Why hasn't this information come to light earlier?
Because no one would print her side of the story - someone directly involved...
Is this a communist country or dictatorship?
What happened to our democracy?

Anonymous said...

What I don't understand?
I've read some of these links and they seem to bear no resemblance to current screening programmes.
Informed consent, women being "offered" testing, the pros and cons...
When has that ever happened?
Has any woman been in this fortunate position?

My introduction to testing -
I received a letter from my GP complete with an appointment time as I, "was due for a pap smear."
No information at all and done in such a way, you had to phone and cancel the appointment, if you didn't want the test.
I did that and received a grilling about another time and not to delay getting this "cancer-preventing test."
After tossing out a couple of letters, I received a form asking for my signature.
If I didn't sign and return it, then I would be taken off patient records.
The form basically said I'd been asked to have the test and had not "presented" and if I got cancer, the surgery could not be held responsible.
If I returned the form, a Dr would need to speak to me anyway, about my decision.

Then I read this is a rare cancer, and that the test has a high failure rate that means biopsies (how awful!) and that I'm supposed to be informed of the risks before making "my" decision.

How did we get so far away from that?
I was made to feel like a child caught setting fire to the classroom and summoned to see the headmaster in big trouble.

The situation has improved a bit since that time.
I did receive a list of the risks in the mail after Mrs. Hazel Thornton made a fuss.
Bless that woman!
The pressure is still ever-present though...
As a fit and healthy woman though, doctors rarely see me.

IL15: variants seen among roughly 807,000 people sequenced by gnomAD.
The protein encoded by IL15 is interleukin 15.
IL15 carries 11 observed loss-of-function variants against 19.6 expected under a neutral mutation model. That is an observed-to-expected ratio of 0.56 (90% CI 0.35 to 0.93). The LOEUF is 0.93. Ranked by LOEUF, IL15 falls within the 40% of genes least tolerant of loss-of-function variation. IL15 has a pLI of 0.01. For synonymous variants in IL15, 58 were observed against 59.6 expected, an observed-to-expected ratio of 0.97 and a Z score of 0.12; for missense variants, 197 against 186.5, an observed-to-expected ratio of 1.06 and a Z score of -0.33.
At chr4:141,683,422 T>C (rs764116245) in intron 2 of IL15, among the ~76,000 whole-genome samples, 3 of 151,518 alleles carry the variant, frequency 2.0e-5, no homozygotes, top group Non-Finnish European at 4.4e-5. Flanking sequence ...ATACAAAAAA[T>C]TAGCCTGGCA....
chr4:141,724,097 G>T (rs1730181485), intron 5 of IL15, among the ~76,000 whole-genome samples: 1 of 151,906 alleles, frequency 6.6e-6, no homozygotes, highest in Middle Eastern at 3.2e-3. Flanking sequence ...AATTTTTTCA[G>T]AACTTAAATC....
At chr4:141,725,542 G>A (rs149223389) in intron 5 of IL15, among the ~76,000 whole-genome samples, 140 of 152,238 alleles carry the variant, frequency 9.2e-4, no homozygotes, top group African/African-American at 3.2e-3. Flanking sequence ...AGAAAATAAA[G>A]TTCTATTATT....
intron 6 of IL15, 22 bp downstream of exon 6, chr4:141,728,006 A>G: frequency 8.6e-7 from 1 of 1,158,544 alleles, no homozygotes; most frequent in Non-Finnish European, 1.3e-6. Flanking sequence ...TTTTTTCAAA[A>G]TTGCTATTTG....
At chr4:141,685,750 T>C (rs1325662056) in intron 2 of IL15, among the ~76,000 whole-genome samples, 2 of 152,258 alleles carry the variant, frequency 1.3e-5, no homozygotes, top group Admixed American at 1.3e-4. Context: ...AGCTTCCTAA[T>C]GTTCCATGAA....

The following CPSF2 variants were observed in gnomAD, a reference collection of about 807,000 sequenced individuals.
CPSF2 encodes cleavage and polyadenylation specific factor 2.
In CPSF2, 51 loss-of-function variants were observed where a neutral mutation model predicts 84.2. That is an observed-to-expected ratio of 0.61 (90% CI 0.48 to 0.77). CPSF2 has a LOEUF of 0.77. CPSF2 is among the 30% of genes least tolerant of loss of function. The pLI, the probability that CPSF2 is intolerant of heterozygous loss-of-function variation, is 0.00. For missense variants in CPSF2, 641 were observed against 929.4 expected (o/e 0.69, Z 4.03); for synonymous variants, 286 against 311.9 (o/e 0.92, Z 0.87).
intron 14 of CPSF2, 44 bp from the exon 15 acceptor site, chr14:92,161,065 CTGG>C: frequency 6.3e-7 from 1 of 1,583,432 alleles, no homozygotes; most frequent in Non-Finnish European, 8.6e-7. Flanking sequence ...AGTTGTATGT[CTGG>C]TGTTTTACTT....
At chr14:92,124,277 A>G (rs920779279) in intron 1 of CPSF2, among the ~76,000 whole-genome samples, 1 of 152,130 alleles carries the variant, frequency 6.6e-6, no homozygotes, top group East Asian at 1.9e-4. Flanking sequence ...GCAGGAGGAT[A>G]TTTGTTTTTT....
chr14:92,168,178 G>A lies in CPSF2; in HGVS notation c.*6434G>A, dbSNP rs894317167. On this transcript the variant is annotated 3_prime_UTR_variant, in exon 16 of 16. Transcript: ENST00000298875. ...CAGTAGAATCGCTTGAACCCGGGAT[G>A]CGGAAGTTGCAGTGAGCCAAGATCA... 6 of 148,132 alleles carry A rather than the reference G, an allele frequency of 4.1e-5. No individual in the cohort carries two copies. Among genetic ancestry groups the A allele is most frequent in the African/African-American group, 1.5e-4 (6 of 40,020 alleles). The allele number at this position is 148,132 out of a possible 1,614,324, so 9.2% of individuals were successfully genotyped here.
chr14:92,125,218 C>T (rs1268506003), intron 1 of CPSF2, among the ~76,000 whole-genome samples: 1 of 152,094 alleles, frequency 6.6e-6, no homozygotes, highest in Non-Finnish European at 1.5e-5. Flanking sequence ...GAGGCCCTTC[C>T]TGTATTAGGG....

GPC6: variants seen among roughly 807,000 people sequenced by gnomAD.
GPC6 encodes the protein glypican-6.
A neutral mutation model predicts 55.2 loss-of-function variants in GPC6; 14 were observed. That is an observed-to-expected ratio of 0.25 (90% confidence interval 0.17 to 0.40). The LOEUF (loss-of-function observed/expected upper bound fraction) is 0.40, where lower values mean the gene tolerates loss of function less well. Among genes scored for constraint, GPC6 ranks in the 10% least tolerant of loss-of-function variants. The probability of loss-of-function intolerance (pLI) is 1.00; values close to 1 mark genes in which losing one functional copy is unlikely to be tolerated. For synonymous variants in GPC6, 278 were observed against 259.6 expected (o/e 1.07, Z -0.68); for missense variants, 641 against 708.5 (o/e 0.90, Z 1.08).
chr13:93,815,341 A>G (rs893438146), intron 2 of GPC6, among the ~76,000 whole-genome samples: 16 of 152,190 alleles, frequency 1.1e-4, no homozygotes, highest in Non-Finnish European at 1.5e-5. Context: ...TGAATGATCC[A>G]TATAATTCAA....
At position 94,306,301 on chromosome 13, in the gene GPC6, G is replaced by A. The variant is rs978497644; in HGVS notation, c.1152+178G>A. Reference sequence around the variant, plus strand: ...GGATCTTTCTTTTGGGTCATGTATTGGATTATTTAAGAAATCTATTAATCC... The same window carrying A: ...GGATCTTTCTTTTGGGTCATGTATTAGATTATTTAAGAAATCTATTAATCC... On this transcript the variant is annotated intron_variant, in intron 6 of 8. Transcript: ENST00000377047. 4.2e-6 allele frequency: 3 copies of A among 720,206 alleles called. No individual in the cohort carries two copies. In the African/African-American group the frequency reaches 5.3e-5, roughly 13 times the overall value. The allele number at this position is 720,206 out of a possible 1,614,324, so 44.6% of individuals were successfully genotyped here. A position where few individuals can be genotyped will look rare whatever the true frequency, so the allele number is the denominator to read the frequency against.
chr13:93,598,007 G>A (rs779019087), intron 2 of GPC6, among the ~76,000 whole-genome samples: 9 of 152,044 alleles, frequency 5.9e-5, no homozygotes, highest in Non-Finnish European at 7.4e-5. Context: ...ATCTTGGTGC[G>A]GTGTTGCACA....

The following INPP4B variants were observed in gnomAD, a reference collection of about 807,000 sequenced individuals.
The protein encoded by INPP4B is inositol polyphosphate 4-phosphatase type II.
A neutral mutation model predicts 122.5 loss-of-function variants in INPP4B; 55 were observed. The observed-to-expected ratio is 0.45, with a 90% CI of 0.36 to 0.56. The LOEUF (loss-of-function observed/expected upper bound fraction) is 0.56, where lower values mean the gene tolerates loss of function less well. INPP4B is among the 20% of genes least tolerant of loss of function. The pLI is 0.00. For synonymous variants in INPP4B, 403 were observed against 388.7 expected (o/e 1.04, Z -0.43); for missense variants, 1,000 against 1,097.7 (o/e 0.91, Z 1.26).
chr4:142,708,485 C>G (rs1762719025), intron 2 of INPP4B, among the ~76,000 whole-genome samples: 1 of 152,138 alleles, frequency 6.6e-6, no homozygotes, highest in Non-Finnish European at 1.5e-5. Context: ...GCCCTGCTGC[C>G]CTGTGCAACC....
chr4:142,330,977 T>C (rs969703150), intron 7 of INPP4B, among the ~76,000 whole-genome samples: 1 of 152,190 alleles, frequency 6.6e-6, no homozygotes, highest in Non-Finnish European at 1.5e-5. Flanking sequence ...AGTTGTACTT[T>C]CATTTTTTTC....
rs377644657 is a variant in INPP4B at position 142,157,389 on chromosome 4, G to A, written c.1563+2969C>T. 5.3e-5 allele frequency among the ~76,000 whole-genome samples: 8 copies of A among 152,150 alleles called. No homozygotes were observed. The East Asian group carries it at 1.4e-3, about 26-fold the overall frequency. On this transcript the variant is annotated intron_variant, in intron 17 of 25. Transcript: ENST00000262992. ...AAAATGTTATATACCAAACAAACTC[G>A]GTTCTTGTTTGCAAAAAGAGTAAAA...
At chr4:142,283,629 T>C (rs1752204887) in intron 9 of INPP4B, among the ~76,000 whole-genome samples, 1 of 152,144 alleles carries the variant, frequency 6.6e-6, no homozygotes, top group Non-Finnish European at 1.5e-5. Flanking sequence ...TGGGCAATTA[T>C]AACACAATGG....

When they do, I'm ready for them and thanks to this thread, armed to the eyeballs with information.
I do find it shocking that doctors were able to turn an offer, into an order.
Even with risk information, it is still very difficult to refuse smear tests.

Joel Sherman said...

Here's an interesting article from the Huffington Post concerning why Gardasil was just approved for use in guys now rather than when it first came out.
According to the article they wanted to initially advertise it as a vaccine against cervical cancer and play down the fact that it's really a vaccine against STD's (sexually transmitted diseases). As they're pushing the vaccine for girls as young as 9, they thought that the STD perspective would alienate a lot of parents.

Anonymous said...

I've heard that about pap smears.
That cervical cancer is caused by being promiscuous.
They test everyone (or want to) to take away the stigma.
They say all women are at risk if they've had sex once.
The risk factors talk about promiscuity though.
Having sex before you're 18, multiple partners, STI's...
The real kicker...
A lot of very high risk woman are not really concerned about their health anyway and are the last people to get tested.